3 friends, 5 comrades, 3 heroes (dead)
1. Moritz von Uslar
100 Fragen an…, KIWI 2004
The famous Kalashnikov-talks, funny and bright. With Angela Merkel, Hillary Clinton, or Karl Lagerfeld, “How do you eat asparagus?” I met Moritz once on the street in Munich totally in rage; he was just kicked out of a Woody Allen interview after 77 questions (20 about glasses). “I’ll go back in, I’ll go back in!” he shouted. And he did and Mr. Allen answered another 23 questions (mostly about sex).
2. Georg Diez
Der Tod Meiner Mutter, KIWI 2009
Don’t be afraid. It’s a memoir; it’s about his mother dying from cancer. But it is beautiful, tender and sad. Two generations Germany, Munich, hospitals and a lot about the weather.
3. Brandlhuber 1992-2008
Walter König, Köln 2009
First of all it’s cool and modern and all that, but then it’s full of myth, history, storytelling and imaginary. See his building on Brunnenstraße in Berlin and you want to live in a house by Arno Brandlhuber, in a city or world thought by him.
4. Slavoj Žižek
In Defence of Lost Causes / Auf verlorenem Posten
Verso 2008 / Edition Suhrkamp 2009
The master of fast talk, much deeper then many wish. When we met him for 80*81’s first book, the Lost Causes were just out. In defending the Grand Narratives we forced him to name one model for the future, one idea to plant the virus of the big WE. And Slavoj cited Franz Kafka’s Josephine the Mouse Singer and the TV series Heroes. “A confederation of freaks.” How great is that!
5. Don DeLillo
Mao II, Penguin Books, 1992
Still my favorite book on terrorism. On mass mind and writing. “In societies reduced to blur and glut, terror is the only meaningful act. There’s too much everything, more things and messages and meanings than we can use in ten thousand lifetimes. Inertia-hysteria. Is history possible? Is anyone serious? Who do we take seriously? Only the lethal believer, the person who kills and dies for faith. Everything else is absorbed.” See also the great DIAL HISTORY, by Johan Grimonprez with Mao II quotes, from 1997.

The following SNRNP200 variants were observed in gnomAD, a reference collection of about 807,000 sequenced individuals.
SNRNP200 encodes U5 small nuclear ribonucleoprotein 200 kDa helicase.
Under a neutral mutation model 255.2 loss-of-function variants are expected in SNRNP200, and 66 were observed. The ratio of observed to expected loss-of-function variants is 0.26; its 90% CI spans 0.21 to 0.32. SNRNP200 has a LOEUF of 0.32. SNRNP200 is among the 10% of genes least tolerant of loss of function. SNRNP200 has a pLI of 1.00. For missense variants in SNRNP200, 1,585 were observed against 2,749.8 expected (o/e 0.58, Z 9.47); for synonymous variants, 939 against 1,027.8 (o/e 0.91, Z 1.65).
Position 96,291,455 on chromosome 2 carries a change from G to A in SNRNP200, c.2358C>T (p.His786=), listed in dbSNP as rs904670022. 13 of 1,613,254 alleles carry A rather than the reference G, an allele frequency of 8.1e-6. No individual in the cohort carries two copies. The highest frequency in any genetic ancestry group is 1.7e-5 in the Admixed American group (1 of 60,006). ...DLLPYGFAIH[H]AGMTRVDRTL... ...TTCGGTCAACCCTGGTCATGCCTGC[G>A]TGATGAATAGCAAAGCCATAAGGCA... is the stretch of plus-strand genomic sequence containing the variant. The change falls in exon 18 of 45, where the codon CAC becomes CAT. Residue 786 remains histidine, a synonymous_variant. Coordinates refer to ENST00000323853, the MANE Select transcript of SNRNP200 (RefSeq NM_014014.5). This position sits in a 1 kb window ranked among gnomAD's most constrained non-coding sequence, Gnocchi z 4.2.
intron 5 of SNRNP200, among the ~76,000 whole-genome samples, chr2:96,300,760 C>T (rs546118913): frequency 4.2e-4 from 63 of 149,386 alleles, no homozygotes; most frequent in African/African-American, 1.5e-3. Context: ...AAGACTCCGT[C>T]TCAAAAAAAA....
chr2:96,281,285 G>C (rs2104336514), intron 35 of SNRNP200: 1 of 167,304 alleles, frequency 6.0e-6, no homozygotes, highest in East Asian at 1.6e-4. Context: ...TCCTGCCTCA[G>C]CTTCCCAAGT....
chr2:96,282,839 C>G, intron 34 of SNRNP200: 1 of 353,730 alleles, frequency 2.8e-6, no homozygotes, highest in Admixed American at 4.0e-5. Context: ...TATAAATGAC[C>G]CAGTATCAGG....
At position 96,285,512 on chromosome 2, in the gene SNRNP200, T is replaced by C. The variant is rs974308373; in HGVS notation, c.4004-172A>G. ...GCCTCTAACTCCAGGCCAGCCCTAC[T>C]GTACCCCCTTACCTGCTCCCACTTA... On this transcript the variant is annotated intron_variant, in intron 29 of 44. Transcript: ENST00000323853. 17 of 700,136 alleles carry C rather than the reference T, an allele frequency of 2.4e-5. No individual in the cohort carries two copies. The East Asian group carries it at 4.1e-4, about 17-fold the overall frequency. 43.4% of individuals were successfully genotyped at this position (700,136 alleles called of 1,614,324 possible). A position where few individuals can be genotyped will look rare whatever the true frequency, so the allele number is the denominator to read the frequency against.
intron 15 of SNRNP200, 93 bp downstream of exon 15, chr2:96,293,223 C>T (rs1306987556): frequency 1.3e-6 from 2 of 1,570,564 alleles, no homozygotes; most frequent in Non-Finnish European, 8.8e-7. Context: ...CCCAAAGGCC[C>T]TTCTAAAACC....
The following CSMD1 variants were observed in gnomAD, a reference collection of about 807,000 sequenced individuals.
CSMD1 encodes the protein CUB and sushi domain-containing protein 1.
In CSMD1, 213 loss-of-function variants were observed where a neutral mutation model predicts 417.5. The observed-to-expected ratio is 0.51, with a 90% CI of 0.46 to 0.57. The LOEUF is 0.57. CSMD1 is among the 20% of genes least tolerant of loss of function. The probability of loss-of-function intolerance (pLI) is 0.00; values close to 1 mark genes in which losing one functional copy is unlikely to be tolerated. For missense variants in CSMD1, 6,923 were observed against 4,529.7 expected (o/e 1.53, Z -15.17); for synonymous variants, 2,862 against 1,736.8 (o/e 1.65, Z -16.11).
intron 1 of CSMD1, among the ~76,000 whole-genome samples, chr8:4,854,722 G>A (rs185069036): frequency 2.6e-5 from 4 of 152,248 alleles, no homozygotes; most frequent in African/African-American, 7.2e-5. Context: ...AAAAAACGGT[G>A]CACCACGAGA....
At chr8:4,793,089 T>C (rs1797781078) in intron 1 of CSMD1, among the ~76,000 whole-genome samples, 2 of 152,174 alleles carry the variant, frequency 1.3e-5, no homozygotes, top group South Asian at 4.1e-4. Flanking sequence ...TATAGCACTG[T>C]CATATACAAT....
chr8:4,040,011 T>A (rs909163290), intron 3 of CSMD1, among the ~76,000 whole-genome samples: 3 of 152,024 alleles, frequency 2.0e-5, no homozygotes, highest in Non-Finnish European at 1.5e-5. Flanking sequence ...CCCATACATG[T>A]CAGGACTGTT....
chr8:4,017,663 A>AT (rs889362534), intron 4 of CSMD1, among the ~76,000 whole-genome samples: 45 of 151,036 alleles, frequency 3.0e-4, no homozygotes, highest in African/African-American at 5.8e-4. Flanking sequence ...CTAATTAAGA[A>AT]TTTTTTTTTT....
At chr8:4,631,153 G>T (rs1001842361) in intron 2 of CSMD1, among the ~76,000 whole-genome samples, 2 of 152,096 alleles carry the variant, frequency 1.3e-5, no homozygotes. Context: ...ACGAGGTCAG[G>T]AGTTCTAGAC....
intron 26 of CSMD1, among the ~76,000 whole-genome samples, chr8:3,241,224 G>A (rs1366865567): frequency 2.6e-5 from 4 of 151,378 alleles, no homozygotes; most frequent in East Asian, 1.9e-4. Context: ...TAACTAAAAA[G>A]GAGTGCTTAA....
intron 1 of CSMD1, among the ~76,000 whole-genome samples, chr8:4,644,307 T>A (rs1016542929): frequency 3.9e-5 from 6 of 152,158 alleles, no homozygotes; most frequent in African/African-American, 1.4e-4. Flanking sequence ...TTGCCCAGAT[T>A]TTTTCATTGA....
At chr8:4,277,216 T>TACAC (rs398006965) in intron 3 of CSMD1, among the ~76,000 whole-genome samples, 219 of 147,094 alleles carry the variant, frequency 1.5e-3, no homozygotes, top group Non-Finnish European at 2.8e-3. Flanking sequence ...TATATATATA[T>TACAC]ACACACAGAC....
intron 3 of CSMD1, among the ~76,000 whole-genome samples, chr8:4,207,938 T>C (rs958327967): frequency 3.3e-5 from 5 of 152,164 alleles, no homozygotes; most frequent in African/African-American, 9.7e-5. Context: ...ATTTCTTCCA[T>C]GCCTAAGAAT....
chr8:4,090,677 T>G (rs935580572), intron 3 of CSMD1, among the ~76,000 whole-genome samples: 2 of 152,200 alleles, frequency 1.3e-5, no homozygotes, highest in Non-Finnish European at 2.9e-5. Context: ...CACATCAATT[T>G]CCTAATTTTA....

6. Enki Bilal/ Pierre Christin
Fins de Siècle, Casterman, 2008 / Deutsch Ehapha, 2008
Their two best comic books Les Phalanges De L’ordre Noir /Der Schlaf der Vernunft, written in the year of General Franco’s death, in 1975, and Partie De Chasse / Treibjagd, from 1983. Both comic books take the history of Old Europe as a basis and go far beyond the confines of reality.
7. Douglas Coupland
PlayerOne, William Heinemann, 2010
Somehow he is overlooked, like J.G. Ballard or Kurt Vonnegut. Too commercial, too funny? PlayerOne is a real-time-five-hour story set in an airport cocktail lounge during a global disaster. For the appendix alone––”Future Legend”––it’s worth reading it. This also stands for Bret Easton Ellis’ Glamorama, and Atomised by Michel Houellebecq and all the other great books not on the list.
8. William S. Burroughs
Cities Of The Red Night, Holt, Rinehart and Winston, 1980
Burroughs’ magnum opus, his great novel. “The chance was there. The chance was missed.” More than ever Burroughs is the author of the hour. He knew that it’s not about reception but about spreading the virus. It’s about infection. ”Nothing is true. Everything is permitted.” The last words of Hassan i Sabbah, Old Man of the Mountain. “Tamaghis … Ba’dan … Yass-Waddah … Waghdas … Naufana… Ghadis.” It is said that an initiate who wishes to know the answer to any question need only repeat these words as he falls asleep and the answer will come in a dream.“
9.Rolf Dieter Brinkmann
Rom, Blicke, Rowohlt 1979
The first poet of German Pop-Literatur hated the fashionable leftist literature with its platitudes, its sensibility and the lack of present. Brinkmann died in London in April 1975, before he could ever listen to punk rock. He would have loved it. Rom, Blicke was posthumously published and contains mostly letters and postcards. Stands also for Einar Schleef and Rainald Goetz.
10. Dashiell Hammett
The Maltese Falcon, Penguin GB Reprint, 1966
The most beautiful cover I know. The wooden falcon with blood running down the head and beak. Red Harvest might be the better book, or Raymond Chandler altogether but this is the best cover. Stands for all the great thrillers of the tough guys.